Planta

, Volume 201, Issue 4, pp 441–445

A respiration based description of plant growth rate responses to temperature

  • Richard S. Criddle
  • Bruce N. Smith
  • Lee D. Hansen

DOI: 10.1007/s004250050087

Cite this article as:
Criddle, R., Smith, B. & Hansen, L. Planta (1997) 201: 441. doi:10.1007/s004250050087

Abstract.

 The temperature dependence of metabolic rates determines how plant growth rates vary with temperature. This paper shows that equations on physiological relations between respiration rates (i.e. rates of heat loss and CO2 evolution) and growth rates can be used to describe temperature effects on plant growth rate. Incorporating measured values of plant respiratory heat and CO2 rates at a few temperatures into the equations allows description of growth rates as a function of temperature and provides a physiological basis for understanding the effects of temperature on growth rate. The paper presents data on cabbage (Brassica oleracea L. Capitata) and tomato (Lycopersicon esculentum Miller cv. Ace) as model cool-climate and warm-climate cultivars to illustrate application of the methods in determining optimal growth climates for different cultivars, accessions, and ecotypes. The respiration-based calculations of growth rate vs. temperature yield curves for both species that are consistent with known temperature-growth requirements. We conclude that plant responses to temperature can be accurately predicted in detail from respiration rate measurements and the growth-respiration model. These studies demonstrate that the temperature dependence of growth rates is a function of the temperature dependencies of both metabolic rates and metabolic efficiency, which change continuously with temperature. The ultimate cause of high- and low-temperature growth limits is commonly not membrane phase transitions or enzyme denaturation as has been supposed, but is loss of substrate carbon conversion efficiency. The results show that “plant temperature stress” has been misunderstood and must be redefined because there is no “nonstressfull temperature”.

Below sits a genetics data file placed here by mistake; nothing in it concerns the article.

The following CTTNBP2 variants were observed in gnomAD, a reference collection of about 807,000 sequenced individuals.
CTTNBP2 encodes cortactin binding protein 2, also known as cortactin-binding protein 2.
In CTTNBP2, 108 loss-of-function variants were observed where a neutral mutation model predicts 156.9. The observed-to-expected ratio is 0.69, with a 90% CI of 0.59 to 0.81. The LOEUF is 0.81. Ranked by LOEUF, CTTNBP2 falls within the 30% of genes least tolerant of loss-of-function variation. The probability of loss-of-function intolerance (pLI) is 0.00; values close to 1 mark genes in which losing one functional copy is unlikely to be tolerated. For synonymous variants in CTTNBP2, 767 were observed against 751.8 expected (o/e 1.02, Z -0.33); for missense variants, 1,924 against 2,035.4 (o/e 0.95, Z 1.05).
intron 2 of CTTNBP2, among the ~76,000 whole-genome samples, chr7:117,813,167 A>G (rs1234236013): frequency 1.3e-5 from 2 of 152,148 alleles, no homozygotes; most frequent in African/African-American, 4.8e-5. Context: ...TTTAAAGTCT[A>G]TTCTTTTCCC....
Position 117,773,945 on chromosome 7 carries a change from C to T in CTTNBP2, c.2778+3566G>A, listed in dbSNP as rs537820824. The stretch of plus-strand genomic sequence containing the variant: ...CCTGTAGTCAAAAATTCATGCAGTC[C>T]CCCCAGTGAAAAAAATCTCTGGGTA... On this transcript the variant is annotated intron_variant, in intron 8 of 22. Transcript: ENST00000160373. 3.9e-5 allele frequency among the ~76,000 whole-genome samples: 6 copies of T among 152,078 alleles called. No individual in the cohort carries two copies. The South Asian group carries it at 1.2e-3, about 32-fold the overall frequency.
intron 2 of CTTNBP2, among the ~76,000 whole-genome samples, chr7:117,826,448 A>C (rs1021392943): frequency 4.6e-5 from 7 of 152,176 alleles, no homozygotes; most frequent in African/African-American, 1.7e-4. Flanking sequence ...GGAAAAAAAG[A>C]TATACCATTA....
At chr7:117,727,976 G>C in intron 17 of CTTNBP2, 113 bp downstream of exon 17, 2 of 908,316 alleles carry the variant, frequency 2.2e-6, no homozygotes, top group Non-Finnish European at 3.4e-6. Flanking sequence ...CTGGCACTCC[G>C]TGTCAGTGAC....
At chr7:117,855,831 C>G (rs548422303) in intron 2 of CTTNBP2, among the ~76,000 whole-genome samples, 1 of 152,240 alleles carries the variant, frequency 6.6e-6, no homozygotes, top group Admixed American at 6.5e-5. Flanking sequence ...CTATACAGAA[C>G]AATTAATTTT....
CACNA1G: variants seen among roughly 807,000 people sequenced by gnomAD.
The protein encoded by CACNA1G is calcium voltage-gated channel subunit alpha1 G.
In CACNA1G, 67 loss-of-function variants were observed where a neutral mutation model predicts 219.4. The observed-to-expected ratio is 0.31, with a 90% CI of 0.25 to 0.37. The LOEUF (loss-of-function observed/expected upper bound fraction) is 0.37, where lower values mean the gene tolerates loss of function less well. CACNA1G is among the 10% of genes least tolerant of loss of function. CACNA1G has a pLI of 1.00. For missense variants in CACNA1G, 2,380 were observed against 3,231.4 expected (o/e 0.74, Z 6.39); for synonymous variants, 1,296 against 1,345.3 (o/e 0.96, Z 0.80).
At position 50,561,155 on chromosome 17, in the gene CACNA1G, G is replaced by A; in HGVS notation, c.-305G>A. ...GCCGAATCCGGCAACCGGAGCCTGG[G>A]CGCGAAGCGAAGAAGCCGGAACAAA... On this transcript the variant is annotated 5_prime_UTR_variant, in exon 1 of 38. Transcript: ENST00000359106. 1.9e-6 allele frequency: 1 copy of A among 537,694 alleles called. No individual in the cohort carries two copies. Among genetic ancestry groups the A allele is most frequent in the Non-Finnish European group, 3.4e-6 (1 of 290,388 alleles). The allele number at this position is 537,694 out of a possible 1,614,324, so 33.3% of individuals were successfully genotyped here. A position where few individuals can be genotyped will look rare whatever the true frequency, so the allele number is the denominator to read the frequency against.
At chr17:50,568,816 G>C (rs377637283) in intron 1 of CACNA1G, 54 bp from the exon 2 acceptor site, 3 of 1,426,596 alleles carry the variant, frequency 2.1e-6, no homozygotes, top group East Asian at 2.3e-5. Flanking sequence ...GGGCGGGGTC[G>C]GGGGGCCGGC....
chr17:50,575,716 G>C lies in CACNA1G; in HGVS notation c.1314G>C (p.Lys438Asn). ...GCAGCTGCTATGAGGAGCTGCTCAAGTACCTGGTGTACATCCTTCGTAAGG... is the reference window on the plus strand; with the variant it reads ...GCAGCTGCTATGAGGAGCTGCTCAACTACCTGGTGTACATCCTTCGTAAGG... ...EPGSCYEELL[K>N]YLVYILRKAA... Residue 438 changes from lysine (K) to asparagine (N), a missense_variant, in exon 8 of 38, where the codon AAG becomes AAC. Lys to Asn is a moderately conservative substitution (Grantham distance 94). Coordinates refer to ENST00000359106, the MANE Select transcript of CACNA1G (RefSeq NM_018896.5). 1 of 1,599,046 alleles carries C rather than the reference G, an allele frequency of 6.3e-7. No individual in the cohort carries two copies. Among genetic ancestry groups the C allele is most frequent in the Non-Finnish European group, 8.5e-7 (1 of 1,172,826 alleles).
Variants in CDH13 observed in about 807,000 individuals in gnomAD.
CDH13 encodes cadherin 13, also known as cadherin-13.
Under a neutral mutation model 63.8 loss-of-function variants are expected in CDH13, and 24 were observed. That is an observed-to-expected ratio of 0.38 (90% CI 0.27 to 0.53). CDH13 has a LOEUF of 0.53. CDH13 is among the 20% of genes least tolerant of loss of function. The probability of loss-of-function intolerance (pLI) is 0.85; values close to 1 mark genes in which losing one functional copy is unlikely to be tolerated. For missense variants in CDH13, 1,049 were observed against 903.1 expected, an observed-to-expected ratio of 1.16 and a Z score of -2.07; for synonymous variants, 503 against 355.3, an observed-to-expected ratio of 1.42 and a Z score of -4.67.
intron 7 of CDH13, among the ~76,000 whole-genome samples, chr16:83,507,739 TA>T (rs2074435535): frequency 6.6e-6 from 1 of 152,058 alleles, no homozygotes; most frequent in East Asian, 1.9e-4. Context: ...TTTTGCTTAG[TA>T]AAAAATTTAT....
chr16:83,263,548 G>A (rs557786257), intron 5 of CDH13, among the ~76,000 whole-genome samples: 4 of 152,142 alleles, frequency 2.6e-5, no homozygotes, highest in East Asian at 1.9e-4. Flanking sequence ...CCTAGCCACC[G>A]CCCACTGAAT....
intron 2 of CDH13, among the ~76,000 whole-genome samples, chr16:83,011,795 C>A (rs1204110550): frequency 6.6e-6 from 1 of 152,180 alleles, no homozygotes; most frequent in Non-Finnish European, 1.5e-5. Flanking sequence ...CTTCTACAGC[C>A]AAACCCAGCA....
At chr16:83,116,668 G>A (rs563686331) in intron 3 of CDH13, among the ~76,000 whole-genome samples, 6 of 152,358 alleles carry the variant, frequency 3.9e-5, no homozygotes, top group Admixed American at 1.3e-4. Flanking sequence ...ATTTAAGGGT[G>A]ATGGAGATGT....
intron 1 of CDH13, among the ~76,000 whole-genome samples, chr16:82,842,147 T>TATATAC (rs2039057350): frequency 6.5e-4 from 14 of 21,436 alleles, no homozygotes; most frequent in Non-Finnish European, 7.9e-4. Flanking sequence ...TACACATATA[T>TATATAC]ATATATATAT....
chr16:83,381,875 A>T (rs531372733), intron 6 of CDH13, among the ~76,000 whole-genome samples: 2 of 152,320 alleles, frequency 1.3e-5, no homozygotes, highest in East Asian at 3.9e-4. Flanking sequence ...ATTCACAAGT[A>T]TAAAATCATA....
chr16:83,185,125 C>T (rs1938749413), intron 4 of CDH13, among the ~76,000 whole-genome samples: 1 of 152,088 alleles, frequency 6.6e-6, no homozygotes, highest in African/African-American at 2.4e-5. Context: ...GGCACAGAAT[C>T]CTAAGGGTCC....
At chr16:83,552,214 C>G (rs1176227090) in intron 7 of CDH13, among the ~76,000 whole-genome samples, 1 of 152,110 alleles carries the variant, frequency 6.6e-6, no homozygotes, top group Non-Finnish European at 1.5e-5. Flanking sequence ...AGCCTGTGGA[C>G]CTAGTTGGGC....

Key words: Brassica (temperature stress) Growth rate Lycopersicon (temperature stress) Respiration Temperature coefficient Temperature stress 

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Copyright information

© Springer-Verlag Berlin Heidelberg 1997

Authors and Affiliations

  • Richard S. Criddle
    • 1
  • Bruce N. Smith
    • 2
  • Lee D. Hansen
    • 3
  1. 1.Section of Molecular and Cellular Biology, University of California, Davis, CA 95616, USAUS
  2. 2.Department of Botany and Range Science, Brigham Young University, Provo, UT 84602, USAUS
  3. 3.Department of Chemistry and Biochemistry, Brigham Young University, Provo, UT 84602, USAUS

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